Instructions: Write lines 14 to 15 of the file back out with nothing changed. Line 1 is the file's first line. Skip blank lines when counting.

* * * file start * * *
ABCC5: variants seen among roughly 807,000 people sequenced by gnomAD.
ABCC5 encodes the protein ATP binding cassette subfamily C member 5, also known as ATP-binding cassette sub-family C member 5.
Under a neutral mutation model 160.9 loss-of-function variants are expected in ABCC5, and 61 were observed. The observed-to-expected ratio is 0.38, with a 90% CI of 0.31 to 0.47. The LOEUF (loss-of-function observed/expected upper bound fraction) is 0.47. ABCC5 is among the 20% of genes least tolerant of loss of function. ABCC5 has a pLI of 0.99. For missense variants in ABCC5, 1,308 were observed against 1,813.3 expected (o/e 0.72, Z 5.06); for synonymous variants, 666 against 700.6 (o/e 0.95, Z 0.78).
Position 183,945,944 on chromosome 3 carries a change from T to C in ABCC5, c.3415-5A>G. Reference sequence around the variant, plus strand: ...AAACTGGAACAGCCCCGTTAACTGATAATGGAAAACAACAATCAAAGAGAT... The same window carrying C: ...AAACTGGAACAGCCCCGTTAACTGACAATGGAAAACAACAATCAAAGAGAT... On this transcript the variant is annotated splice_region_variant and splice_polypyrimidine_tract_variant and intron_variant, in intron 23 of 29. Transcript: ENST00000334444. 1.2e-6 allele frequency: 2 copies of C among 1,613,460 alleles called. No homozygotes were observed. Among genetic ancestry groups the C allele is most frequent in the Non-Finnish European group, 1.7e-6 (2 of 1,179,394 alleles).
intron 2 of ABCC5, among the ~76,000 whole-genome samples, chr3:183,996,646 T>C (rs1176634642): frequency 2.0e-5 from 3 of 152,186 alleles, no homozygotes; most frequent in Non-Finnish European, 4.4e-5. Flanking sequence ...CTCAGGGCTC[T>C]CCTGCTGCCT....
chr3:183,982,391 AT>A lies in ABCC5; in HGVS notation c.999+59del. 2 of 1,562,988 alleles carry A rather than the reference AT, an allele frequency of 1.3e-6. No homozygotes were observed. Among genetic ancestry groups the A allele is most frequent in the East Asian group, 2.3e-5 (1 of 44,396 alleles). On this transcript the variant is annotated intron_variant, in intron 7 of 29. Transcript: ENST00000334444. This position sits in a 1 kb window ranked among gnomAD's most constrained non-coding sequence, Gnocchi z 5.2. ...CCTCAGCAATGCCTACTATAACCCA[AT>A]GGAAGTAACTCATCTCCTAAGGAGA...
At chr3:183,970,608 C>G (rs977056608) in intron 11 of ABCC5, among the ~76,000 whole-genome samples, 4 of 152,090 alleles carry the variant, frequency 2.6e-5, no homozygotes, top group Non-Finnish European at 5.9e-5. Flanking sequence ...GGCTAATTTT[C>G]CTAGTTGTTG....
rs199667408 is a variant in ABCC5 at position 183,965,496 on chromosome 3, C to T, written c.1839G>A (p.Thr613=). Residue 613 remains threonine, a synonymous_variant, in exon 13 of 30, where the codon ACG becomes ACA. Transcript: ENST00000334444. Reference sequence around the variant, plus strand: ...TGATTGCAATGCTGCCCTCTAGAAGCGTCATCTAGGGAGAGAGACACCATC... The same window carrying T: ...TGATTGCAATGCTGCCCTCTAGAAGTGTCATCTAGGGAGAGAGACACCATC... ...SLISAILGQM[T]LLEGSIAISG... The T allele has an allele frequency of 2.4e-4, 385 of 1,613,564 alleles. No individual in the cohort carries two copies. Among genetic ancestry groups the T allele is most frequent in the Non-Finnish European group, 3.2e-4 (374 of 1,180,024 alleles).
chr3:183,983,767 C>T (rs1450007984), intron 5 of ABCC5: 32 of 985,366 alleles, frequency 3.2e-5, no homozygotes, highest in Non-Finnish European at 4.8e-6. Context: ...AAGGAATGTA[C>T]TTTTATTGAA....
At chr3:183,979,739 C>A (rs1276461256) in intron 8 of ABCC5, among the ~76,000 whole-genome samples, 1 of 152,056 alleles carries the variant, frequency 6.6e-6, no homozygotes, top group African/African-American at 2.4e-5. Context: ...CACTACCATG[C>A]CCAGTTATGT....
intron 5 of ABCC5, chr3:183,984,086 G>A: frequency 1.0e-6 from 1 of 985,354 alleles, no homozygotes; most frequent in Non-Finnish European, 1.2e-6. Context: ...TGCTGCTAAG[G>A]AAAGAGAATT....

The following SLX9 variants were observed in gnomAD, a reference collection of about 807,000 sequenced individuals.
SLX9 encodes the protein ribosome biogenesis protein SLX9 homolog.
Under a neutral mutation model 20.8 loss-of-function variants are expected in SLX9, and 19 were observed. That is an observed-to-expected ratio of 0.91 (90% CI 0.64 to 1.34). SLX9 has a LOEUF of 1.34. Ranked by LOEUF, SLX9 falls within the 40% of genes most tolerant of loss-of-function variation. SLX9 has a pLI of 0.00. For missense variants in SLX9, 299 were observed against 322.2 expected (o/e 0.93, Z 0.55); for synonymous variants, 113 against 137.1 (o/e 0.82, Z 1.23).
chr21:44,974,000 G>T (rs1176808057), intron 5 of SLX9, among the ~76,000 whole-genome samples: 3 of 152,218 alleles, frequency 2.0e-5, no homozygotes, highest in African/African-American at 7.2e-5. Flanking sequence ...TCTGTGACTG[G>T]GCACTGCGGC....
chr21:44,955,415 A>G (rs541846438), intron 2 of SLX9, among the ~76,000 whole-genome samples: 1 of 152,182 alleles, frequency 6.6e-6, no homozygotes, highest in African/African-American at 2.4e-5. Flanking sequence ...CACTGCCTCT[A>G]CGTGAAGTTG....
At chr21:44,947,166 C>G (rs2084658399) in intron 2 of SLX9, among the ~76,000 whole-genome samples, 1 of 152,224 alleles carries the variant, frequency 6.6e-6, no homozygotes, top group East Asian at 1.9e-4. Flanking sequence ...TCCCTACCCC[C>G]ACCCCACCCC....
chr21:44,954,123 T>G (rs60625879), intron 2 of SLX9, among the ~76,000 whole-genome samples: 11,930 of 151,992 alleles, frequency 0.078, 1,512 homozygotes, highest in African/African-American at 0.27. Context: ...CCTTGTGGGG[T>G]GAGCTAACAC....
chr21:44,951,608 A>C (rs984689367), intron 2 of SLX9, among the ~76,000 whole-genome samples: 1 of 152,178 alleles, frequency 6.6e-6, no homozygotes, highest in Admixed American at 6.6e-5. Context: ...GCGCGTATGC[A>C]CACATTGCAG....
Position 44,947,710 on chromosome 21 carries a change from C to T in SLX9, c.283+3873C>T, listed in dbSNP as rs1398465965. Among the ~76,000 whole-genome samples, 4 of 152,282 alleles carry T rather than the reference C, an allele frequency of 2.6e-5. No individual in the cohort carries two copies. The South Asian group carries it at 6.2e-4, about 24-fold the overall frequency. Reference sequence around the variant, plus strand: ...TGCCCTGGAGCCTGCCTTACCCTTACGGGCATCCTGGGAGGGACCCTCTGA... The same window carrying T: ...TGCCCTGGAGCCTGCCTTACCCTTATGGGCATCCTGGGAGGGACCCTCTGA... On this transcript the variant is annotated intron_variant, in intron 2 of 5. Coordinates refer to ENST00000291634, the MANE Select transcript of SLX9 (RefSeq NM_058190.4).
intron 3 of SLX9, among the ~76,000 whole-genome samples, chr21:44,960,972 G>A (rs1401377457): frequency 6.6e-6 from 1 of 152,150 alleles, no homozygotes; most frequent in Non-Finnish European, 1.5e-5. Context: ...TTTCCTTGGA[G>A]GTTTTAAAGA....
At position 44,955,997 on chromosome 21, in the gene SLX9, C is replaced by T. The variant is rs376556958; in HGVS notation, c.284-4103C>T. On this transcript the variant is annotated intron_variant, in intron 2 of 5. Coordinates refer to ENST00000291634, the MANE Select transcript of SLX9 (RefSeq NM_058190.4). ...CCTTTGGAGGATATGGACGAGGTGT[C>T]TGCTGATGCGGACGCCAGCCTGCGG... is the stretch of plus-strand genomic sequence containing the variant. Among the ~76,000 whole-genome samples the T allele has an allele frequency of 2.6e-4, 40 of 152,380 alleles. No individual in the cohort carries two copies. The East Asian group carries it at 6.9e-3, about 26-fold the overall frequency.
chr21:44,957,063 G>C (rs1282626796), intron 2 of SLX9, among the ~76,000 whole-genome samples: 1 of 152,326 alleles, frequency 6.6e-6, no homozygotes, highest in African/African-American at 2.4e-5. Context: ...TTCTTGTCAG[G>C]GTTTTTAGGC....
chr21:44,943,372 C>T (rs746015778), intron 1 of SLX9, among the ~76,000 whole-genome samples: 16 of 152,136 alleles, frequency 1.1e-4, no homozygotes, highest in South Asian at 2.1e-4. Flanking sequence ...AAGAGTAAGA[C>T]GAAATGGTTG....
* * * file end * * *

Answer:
Under a neutral mutation model 20.8 loss-of-function variants are expected in SLX9, and 19 were observed. That is an observed-to-expected ratio of 0.91 (90% CI 0.64 to 1.34). SLX9 has a LOEUF of 1.34. Ranked by LOEUF, SLX9 falls within the 40% of genes most tolerant of loss-of-function variation. SLX9 has a pLI of 0.00. For missense variants in SLX9, 299 were observed against 322.2 expected (o/e 0.93, Z 0.55); for synonymous variants, 113 against 137.1 (o/e 0.82, Z 1.23).
chr21:44,974,000 G>T (rs1176808057), intron 5 of SLX9, among the ~76,000 whole-genome samples: 3 of 152,218 alleles, frequency 2.0e-5, no homozygotes, highest in African/African-American at 7.2e-5. Flanking sequence ...TCTGTGACTG[G>T]GCACTGCGGC....